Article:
What can I do with a chemistry degree?

Chemistry graduates have all the right skills that employers need

Chemistry Lab

 

 

 

 

 

 

 

 

Doing a chemistry degree doesn’t mean that you’ll be chained to a lab for the rest of your life. Chemists have a huge range of career options and the Chemistry degree at Swansea University is designed so that you have the skills that today’s employers are looking for. 

There are many sectors that you can go into after you graduate. A popular choice is medicine. Chemists are in great demand for their analytical and research skills to improve human health. New drugs have to be researched, developed and tested by Chemistry graduates. 

If you are passionate about the environment and see your future career in this area, our staff are involved in projects to develop clean water and sanitation, and to develop sustainable forms of energy.  

Staff profile – Dr Ian Mabbett

Ian Mabbett‘I manage the Sunrise project here at the University. The project aims to develop printed photovoltaic cells and new manufacturing processes, which can be used to construct solar energy products in India.  These will then be integrated into buildings in five villages, allowing them to harness solar power to provide their own energy and run off grid.’ 

Product development

Any business that makes products needs input from chemists. From testing food and cosmetics, to managing waste, to developing new building materials, the chemist is at the forefront of new inventions.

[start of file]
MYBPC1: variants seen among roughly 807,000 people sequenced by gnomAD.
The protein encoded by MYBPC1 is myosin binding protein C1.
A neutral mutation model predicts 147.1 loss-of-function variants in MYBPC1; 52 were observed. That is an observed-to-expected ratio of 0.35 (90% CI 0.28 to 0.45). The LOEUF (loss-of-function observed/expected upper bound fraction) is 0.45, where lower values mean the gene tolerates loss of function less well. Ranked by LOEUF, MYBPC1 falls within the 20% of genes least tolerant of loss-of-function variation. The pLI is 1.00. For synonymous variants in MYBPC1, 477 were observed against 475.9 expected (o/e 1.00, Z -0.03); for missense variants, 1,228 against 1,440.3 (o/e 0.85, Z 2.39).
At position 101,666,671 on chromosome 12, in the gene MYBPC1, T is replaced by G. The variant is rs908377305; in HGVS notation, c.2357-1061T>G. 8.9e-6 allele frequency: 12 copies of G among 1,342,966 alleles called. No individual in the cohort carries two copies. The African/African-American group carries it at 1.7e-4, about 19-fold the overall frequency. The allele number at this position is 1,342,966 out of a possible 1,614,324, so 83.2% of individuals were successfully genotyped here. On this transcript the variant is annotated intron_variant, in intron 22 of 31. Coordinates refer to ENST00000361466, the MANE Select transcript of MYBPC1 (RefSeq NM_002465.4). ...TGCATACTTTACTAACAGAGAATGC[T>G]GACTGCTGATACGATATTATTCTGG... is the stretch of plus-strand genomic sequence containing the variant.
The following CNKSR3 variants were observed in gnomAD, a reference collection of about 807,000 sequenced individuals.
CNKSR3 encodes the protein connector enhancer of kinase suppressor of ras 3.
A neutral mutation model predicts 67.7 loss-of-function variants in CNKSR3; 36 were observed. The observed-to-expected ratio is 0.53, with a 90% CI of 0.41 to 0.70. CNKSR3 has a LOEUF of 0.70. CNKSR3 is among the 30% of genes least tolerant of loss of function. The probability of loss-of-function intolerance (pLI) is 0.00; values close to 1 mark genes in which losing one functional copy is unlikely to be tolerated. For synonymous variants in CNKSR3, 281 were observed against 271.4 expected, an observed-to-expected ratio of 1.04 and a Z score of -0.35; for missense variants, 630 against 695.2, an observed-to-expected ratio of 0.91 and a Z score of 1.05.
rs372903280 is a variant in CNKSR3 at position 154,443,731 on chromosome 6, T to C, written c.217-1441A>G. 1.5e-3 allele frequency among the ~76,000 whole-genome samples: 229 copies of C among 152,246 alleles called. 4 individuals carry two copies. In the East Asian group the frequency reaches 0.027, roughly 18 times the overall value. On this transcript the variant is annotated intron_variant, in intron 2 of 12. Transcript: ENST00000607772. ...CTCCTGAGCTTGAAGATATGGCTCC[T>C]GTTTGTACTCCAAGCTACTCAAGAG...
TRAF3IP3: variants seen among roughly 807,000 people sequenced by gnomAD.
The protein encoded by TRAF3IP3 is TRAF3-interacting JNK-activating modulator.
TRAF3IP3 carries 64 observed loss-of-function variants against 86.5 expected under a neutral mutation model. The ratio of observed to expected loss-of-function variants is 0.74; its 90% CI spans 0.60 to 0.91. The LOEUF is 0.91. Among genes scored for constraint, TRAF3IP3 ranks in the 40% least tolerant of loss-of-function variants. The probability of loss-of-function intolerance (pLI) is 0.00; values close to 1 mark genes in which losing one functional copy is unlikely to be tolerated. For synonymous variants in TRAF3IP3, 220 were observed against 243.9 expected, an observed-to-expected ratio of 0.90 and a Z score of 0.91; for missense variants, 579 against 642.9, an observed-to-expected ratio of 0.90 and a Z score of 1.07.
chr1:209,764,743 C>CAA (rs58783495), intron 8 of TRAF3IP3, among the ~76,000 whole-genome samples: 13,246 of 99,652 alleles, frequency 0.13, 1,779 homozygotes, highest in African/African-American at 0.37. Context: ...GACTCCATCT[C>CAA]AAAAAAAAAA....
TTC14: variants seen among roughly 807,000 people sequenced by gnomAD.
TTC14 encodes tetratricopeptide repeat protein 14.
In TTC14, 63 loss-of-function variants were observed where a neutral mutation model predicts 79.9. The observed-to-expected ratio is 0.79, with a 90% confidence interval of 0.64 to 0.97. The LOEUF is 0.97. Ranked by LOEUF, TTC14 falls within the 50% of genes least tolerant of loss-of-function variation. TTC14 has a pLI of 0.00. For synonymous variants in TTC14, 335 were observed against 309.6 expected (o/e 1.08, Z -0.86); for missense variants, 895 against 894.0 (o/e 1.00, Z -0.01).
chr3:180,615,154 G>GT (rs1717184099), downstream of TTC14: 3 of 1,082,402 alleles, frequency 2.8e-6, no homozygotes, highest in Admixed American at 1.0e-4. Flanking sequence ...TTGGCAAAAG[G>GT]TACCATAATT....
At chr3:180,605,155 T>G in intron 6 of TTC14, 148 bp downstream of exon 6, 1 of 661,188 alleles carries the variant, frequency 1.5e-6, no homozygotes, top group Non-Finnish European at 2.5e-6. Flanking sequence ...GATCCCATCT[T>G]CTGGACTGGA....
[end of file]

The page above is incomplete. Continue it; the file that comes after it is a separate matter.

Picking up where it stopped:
Forsensic analysis

Your skills are also in demand from the police and other law enforcement bodies to analyse blood samples for alcohol and drugs and to look at evidence used in legal cases. 

Academia and teaching 

rachel evansOf course, many Chemistry graduates stay within academia. Our graduate, Dr Rachel Evans, is currently working at Cambridge University as a lecturer. 

‘I enjoy interacting with students a lot, both through teaching at undergraduate level and mentoring postgraduate research students. I also participate in outreach activities to promote science through the Royal Society of Chemistry and am involved in governance of the society. My job also requires me to apply for funding, manage budgets and file reports, so I don't get the chance to spend as much time in the lab as I would like. However, I do take my research group to external X-ray and neutron facilities each year to perform exotic experiments so I still get my hands dirty from time to time!'

For more information about what you can do with a Chemistry degree, visit The Royal Society of Chemistry website.